Giant Sequel to the Best Hideo Kojima Analysis in The World.
Over 350 all-new pages of world-class analysis by yours truly. Coming this Summer, on paperback, hardcover, and e-book, just like the first one!
For the first time ever, a deep dive into the most popular but critically overlooked game in Kojima’s career: Metal Gear Solid 3: Snake Eater. Not even my website has touched this gem with any depth before, but now you’ll get well over a hundred pages of dot-connecting goodness. The hidden meaning behind the game is guaranteed to surprise. I can honestly say that I didn’t even realize how amazing this game’s commentary was until I dug into it for this book, so you won’t want to miss out. It forced me to even go back to earlier games and notice things I’d never seen before.
Metal Gear Solid 4: Guns of the Patriots also gets the major spotlight treatment, taking this website’s famous analysis and taking it to the max. The true intention of the project is exposed, with many examples analyzed.
The Twin Snakes makes its appearance in the grand puzzle of The Kojima Code, and surprising contributions of smaller projects flesh out a pattern that perfectly builds on what the first book established. It stops before Metal Gear Solid: Peace Walker but it is packed with insight that has far-reaching implications for the entire career of Kojima!
This book is a personal triumph. My writing style has gotten stronger, my topics more balanced, and my understanding of Hideo Kojima has expanded to a whole new realm of appreciation. You will absolutely think about his work in a new way by the time you’re done.
The actual title of the book will be revealed soon! No, it’s not called The Kojima Code, Part II — that’s just the subtitle. Stay tuned for more updates and developments, and tell your friends their next favorite book is coming out soon.
This article was written by Jack Wade, who contacted me by email. Since I’ve written a whole book studying the careful forethought given to MGS2’s polarizing writing and design choices I find it invigorating to see a good old fashioned trashing of the man behind the legend. Although Jack clearly hasn’t read my book, which accounts for many of the strange disparities he points out about MGS2’s development, he makes a compelling case for not accepting Kojima as some literary genius — especially in the vein of the usual fanbase, who all seem to have blinders on when discussing the series. He casts doubt on the purported complexity behind it all. Since first proposing the VR Theory and fleshing out the metanarrative analysis of the series, I’ve watched the community slowly absorb the positive ideas I put forward about Kojima, but reject the unflattering side of the analysis. They don’t debate it, they just reject things they don’t want to hear. Ironic, of course. I much prefer people like Jack Wade, willing to step up and make the discussion more interesting.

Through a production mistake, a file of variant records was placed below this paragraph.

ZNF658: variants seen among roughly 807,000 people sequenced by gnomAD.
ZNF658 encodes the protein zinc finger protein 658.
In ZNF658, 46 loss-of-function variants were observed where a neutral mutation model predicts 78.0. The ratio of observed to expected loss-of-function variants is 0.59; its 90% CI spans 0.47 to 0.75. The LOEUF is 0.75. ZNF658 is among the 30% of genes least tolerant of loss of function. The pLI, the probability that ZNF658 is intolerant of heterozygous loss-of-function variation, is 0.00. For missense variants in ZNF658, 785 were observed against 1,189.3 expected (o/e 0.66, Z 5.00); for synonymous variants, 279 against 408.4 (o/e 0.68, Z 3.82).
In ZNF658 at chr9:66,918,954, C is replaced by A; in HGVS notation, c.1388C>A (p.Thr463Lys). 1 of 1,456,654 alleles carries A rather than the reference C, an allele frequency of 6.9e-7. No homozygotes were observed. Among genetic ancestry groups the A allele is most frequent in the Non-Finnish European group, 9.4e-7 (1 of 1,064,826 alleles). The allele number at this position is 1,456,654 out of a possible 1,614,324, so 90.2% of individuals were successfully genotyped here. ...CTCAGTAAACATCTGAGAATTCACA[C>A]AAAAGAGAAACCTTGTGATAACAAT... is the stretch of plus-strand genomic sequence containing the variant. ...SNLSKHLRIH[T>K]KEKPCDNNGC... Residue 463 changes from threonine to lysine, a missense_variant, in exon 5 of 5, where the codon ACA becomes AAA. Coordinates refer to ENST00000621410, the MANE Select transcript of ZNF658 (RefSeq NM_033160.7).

There is no such thing as a clean and simple discussion of the Metal Gear series and it is the fault of a singular entry within it. Metal Gear Solid 2 had some of the most jarring idiosyncrasies, not just in its own world, but among fans of the franchise. If Metal Gear just skipped over MGS2, tweaked MGS4 to match the changes, and then proceeded normally, it would be another unremarkable series with a very high bar set by its opening iteration that just gets worse over time much like Deus Ex or StarCraft.
Specializes in wearing crocodile hats, hiding in boxes, and doing other confusing crap.
The ultimate defense is having nothing to attack.
Mr. Sylazhov returns with his latest guest article the day before the release of Metal Gear Solid V, to examine the extremely important matter of torture, in both the real world and the fictional one Kojima uses to show his views.
The methods, reasons, and history of torture are discussed, along with a personal story that drives home the reality of the barbaric practices used by military and spy agencies around the world. This article was finished quite a while ago, but I’m publishing it on the eve of The Phantom Pain to emphasize the seriousness of its controversial subject matter.
Warning: Some graphic content follows.
The Ideology of Torture
A personal, political, and philosophical study of torture in the MGS series and the real world
I would like to dedicate the following piece to the victims of
the dictatorship in my country, and to all victims of
political repression from any side of the political spectrum.
The following guest article was written by a friend and author, Alexander Sylazhov, who you ought to remember fondly from his Big Boss as Che Guevara article; I titled that article in order to highlight one of my favorite aspects of it, but it certainly went well beyond that. I’m deeply honored to be able to present his new article, which is the kind of analysis I would love to be able to do myself. With the upcoming release of Metal Gear Solid V: The Phantom Pain less than a month away, this in-depth exploration of ideology, politics, and pop culture in the Metal Gear series is a fascinating must-read from a talented writer from a different side of the world.
Expect to see more from him soon, and please check out his science fiction novel series if you want to see more from him and support his work.
Kojima and the Soviet Union
An analysis of the political overtones of the MGS series and Hideo Kojima’s ideology
(The original picture — which I’ve edited to include names — and this theory, both come directly from this SnakeSoup post by member Gentapo, so give that guy credit (or ridicule) for connecting the dot.)
Below are my thoughts on its plausibility and implications. I miss the days of longshot Metal Gear theories and rampant speculation, so now I’m going to indulge…!